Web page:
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The number of licensed microfinance banks across the 36 states of the country and Federal Capital Territory (FCT), have dropped by 12.7 per cent in almost one year.

According to report that was published recently on the CBN website, the number of licensed microfinance banks in the country dropped from 1,028 in May 2018, to 898.

What may have influenced the drop?

Recall that the apex bank had earlier made known its intention to revoke the licences of some microfinance banks. As earlier reported by Nairametrics, the CBN, last year announced its plans to revoke the operating licences of 182 financial institutions operating in the country.

This announcement came barely a week after its revoke Skye Bank’s operating license.

The affected MFBs, according to the apex bank, cut across different states of the country include. A total of 154 microfinance banks were affected, as were 6 primary mortgage banks, and 22 finance companies.


The apex bank had gone on to state that 62 of the microfinance banks had already closed shops; seventy four became insolvent, twelve were terminally distressed, while while six voluntarily liquidated.

Why microfinance banks can’t be sidelined

Robust economic growth cannot be achieved without putting in place well-focused programmes that increase access of poor and low-income earners to factors of production, especially credit. Microfinance is about providing financial services to the poor who are traditionally not served by conventional financial institutions.

In Nigeria, a large percentage of the population is still excluded from financial services. The Lagos Business School had revealed in a study that 43 per cent of Nigerians are financially excluded.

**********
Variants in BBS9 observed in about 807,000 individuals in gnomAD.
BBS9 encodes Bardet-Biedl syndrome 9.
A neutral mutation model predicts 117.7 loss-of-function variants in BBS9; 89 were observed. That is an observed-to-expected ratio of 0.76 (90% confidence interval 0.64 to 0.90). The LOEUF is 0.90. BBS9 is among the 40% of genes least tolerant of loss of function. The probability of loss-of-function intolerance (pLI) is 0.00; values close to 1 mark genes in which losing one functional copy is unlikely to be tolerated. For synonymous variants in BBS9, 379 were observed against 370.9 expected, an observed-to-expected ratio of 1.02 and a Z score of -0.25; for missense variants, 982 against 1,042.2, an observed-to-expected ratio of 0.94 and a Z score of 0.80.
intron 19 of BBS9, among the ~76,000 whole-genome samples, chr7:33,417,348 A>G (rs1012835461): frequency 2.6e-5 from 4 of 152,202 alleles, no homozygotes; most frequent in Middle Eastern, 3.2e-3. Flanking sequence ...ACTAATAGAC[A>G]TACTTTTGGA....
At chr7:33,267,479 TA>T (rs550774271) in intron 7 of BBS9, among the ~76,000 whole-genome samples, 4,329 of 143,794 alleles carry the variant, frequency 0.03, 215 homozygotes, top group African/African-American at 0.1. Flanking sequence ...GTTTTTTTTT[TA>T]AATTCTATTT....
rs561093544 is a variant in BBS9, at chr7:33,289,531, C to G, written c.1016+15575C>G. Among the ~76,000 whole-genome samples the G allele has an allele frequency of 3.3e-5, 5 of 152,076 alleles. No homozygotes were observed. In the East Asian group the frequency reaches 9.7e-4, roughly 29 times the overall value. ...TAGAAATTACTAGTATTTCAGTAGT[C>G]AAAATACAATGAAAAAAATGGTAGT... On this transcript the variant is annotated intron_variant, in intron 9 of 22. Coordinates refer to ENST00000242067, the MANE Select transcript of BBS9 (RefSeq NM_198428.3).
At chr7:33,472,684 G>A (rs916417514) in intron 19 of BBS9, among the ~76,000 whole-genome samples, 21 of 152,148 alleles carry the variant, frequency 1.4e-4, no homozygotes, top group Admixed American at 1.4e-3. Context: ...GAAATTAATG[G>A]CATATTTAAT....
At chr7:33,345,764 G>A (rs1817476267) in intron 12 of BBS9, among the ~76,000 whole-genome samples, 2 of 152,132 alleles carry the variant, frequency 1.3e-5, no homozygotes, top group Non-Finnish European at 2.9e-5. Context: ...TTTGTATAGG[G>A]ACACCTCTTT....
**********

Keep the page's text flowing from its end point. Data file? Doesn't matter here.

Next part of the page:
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In its financial inclusion report, which was launched in Lagos, the LBS noted that only 49 per cent of Nigerians owned bank accounts. It said eight per cent of Nigerians owned a mobile money account, while 36 per cent used informal financial tools.

Addressing the need for every meaningful Nigerian to get financial inclusion, Bowen Microfinance Bank said sidelining microfinance banks will undermine Nigeria’s financial inclusion strategy.

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Meanwhile, the CBN had set a financial inclusion target of reaching 80 per cent of the total adult population by 2020, but presently, Nigeria is not on track to meet this target which was set out in the National Financial Inclusion Strategy (NFIS) of 2012.



  1. “but presently, Nigeria is not on track to meet this target which was set out in the National Financial Inclusion Strategy (NFIS) of 2012.”

    To say the CBN is not on track to meet its 2020 target of 80% Financial Inclusion in my opinion is a deliberate attempt at not telling the whole story. Its like saying the CBN has no programmes or strategies of onboarding the financially excluded adults in nigeria, this will be misleading.

    Recently, precisely October 2018 the apex bank rolled out it’s guidelines for the licensing and regulation of PSBs (that is, Payment Service Banks). PSBs by design are the FINTECH equivalents of nigerian commercial banks. Like all other MDB, they will be allowed to generate deposits amongst the unbanked using technology. Unlike commercial banks, PSBs according to tje CBN guidelines are not allowed to grant credit / loans. So risk of default is zero.

    Also, we see their efforts at licensing MMO (Mobile Money Operators) and Agency Banking Operators. Already, these latter groups are onboarding otherwise excluded persons.

    Nigeria like any other emerging economies can do more and should do more, nonetheless we should give credit when due and hard knocks when necessary.

    It is my hope that the CBN will fast track the licensing of the PSBs so that the 2020 vision can stand a chance. Impact wise, the apex bank may not achieve its 80% target but conservatively I believe the PSBs can drive the National Financial Inclusion Strategy (NFIS) of 2012 from its current 43% to anywhere between 55-65%.

    Just my take.



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